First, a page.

Photo courtesy of Dan Alliban.

Classic Stallion Quanah O Lena Passes On

Equi-Stat Elite $1 Million Sire Quanah O Lena has left this world for greener pastures. On Thursday, Dec. 26, the stallion was humanely euthanized after suffering a small stroke at the age of 32. 

“He was always friendly, genuine and a pleasure to be around. He was a family member to us,” recounted owner Dan Alliban of Carstairs, AB, Canada. 

Sired by Equi-Stat Elite $15 Million Sire and American Quarter Horse Association (AQHA) Hall of Famer Doc O’Lena and out of Bar Socks Babe (by Bar El Do), Quanah O Lena had textbook cutting blood. And, the stallion was bred by the legendary Shorty Freeman. 

Under the guidance of Equi-Stat Elite $5 Million Rider Bill Freeman and Equi-Stat Elite $3 Million Rider Russ Miller, the 1987 stallion raked in more than $83,000 in the cutting pen. He earned the most in 1991, winning the Bonanza Derby Open, worth $14,822, with a score of 222 for then-owners Stanley and Lynne Warren of Declo, Idaho.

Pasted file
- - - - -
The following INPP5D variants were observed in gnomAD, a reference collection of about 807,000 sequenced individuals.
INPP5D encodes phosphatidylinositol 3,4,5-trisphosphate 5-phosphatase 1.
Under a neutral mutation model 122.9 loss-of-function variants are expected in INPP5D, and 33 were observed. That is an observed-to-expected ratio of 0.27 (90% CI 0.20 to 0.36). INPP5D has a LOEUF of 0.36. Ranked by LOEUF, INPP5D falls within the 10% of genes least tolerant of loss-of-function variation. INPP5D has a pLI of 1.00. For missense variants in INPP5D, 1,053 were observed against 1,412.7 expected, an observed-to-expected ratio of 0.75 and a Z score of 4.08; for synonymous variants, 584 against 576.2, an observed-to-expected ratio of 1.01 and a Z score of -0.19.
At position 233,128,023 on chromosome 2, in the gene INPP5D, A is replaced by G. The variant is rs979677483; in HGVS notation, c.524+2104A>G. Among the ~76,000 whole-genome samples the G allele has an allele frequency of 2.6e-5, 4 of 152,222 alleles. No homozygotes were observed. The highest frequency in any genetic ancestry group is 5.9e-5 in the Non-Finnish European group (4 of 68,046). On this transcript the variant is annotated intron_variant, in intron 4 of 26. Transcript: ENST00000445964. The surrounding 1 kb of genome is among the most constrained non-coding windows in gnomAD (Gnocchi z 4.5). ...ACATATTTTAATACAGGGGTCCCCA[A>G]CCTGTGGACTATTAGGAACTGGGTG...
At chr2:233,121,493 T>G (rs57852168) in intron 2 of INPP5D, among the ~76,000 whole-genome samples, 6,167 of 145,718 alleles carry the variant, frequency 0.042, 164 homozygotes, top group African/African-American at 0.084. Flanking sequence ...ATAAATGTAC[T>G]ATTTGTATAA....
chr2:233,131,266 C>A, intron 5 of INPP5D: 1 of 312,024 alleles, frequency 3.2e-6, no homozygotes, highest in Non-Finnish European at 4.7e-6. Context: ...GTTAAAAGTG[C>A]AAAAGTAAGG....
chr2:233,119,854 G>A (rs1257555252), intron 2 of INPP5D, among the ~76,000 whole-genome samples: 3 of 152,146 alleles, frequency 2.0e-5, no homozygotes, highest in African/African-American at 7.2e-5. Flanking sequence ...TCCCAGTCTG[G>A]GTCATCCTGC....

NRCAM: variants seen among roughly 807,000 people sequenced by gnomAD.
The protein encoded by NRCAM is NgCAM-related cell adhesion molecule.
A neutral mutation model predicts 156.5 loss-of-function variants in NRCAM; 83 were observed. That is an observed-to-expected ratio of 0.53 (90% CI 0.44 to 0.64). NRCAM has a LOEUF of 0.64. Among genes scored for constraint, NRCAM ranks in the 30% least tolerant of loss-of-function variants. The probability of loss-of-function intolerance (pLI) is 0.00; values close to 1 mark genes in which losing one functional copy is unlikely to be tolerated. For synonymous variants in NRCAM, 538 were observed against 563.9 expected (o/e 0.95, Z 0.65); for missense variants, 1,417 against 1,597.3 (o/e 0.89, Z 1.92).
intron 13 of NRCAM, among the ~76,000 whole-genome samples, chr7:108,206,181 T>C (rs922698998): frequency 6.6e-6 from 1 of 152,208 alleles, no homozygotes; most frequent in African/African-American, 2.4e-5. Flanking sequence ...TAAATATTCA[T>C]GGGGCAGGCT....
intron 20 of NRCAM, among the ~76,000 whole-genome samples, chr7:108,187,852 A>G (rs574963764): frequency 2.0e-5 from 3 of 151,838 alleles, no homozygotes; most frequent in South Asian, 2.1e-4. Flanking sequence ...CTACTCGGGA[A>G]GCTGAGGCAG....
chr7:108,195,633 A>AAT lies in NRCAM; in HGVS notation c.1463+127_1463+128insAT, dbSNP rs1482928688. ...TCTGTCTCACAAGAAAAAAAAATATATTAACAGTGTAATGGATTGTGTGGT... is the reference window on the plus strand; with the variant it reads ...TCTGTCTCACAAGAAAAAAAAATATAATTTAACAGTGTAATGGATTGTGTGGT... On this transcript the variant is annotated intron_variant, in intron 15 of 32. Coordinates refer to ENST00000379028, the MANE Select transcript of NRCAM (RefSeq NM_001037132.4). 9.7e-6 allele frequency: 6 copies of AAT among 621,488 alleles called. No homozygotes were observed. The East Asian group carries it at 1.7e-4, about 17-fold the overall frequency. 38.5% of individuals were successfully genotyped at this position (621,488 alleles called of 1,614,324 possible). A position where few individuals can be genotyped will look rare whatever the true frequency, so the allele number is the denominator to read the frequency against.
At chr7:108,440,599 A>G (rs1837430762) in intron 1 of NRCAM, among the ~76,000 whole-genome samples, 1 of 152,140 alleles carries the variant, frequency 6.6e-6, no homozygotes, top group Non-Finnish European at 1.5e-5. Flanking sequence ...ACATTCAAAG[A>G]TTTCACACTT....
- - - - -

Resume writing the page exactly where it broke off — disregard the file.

Quanah O Lena as a Sire

Life in the breeding shed was long and prosperous for Quanah O Lena. According to Alliban, he bred mares late into his life. His last breeding season was 2018. 

“He was just a phenomenal stud and his offspring were always great,” Alliban said proudly.

According to Equi-Stat, Quanah O Lena has 77 money-earning progeny totaling $1.1 million in earnings. His top performers include full siblings out of Peppys Queen Leota (by Little Peppy Three) — 1995 gelding Quanahbob ($227,411) and 1996 mare Lenas Wild ($79,884). The 1997 mare Quanahs Little Star ($79,549, out of Hickory Beauty x Doc’s Hickory) follows them.

Leading earner Quanahbob made his sire proud in 1998 when he won the Pacific Coast Cutting Horse Association (PCCHA) Futurity Open with Russ Miller, scoring a 223 and raking in more than $41,000 for owners David and Clare Capps of Millsap, Texas.

Quanah O Lena’s even temperament was often passed along to his offspring, Alliban said, and he will remember the stallion for his easy-going demeanor. 

“His temperament was great. I mean, my daughter — I don’t put her on stallions often — she could ride and exercise him,” he said. 

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